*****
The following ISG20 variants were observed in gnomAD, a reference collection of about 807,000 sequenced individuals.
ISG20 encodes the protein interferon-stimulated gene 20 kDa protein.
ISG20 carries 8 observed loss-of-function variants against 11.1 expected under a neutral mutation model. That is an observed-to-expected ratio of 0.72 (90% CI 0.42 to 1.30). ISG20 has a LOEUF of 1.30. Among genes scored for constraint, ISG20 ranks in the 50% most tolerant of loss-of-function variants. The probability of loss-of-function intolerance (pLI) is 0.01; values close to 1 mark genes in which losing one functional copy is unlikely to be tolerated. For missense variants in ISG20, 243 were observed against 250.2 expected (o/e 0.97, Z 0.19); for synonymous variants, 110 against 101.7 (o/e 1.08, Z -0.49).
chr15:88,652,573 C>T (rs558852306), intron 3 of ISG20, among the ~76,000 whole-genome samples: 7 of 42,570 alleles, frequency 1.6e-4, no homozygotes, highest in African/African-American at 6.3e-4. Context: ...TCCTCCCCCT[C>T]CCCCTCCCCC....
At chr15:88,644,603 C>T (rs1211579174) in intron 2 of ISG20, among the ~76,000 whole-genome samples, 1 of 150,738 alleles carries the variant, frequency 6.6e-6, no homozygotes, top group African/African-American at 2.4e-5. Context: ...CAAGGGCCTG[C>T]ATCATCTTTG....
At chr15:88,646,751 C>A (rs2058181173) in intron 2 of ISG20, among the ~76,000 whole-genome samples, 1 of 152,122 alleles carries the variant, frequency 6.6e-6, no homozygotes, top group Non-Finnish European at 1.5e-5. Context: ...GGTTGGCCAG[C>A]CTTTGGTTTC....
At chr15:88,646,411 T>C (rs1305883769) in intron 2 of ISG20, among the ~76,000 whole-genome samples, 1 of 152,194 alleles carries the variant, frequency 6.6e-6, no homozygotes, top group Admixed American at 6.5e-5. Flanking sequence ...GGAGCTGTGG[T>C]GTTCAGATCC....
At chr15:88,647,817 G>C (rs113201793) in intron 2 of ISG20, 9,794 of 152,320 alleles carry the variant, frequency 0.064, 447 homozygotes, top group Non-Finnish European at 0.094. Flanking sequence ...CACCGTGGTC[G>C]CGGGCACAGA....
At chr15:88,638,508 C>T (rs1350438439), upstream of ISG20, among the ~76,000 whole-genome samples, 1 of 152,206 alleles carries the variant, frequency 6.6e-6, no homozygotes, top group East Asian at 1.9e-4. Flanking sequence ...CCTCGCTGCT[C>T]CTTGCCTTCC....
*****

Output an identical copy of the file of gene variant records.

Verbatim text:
The following ISG20 variants were observed in gnomAD, a reference collection of about 807,000 sequenced individuals.
ISG20 encodes the protein interferon-stimulated gene 20 kDa protein.
ISG20 carries 8 observed loss-of-function variants against 11.1 expected under a neutral mutation model. That is an observed-to-expected ratio of 0.72 (90% CI 0.42 to 1.30). ISG20 has a LOEUF of 1.30. Among genes scored for constraint, ISG20 ranks in the 50% most tolerant of loss-of-function variants. The probability of loss-of-function intolerance (pLI) is 0.01; values close to 1 mark genes in which losing one functional copy is unlikely to be tolerated. For missense variants in ISG20, 243 were observed against 250.2 expected (o/e 0.97, Z 0.19); for synonymous variants, 110 against 101.7 (o/e 1.08, Z -0.49).
chr15:88,652,573 C>T (rs558852306), intron 3 of ISG20, among the ~76,000 whole-genome samples: 7 of 42,570 alleles, frequency 1.6e-4, no homozygotes, highest in African/African-American at 6.3e-4. Context: ...TCCTCCCCCT[C>T]CCCCTCCCCC....
At chr15:88,644,603 C>T (rs1211579174) in intron 2 of ISG20, among the ~76,000 whole-genome samples, 1 of 150,738 alleles carries the variant, frequency 6.6e-6, no homozygotes, top group African/African-American at 2.4e-5. Context: ...CAAGGGCCTG[C>T]ATCATCTTTG....
At chr15:88,646,751 C>A (rs2058181173) in intron 2 of ISG20, among the ~76,000 whole-genome samples, 1 of 152,122 alleles carries the variant, frequency 6.6e-6, no homozygotes, top group Non-Finnish European at 1.5e-5. Context: ...GGTTGGCCAG[C>A]CTTTGGTTTC....
At chr15:88,646,411 T>C (rs1305883769) in intron 2 of ISG20, among the ~76,000 whole-genome samples, 1 of 152,194 alleles carries the variant, frequency 6.6e-6, no homozygotes, top group Admixed American at 6.5e-5. Flanking sequence ...GGAGCTGTGG[T>C]GTTCAGATCC....
At chr15:88,647,817 G>C (rs113201793) in intron 2 of ISG20, 9,794 of 152,320 alleles carry the variant, frequency 0.064, 447 homozygotes, top group Non-Finnish European at 0.094. Flanking sequence ...CACCGTGGTC[G>C]CGGGCACAGA....
At chr15:88,638,508 C>T (rs1350438439), upstream of ISG20, among the ~76,000 whole-genome samples, 1 of 152,206 alleles carries the variant, frequency 6.6e-6, no homozygotes, top group East Asian at 1.9e-4. Flanking sequence ...CCTCGCTGCT[C>T]CTTGCCTTCC....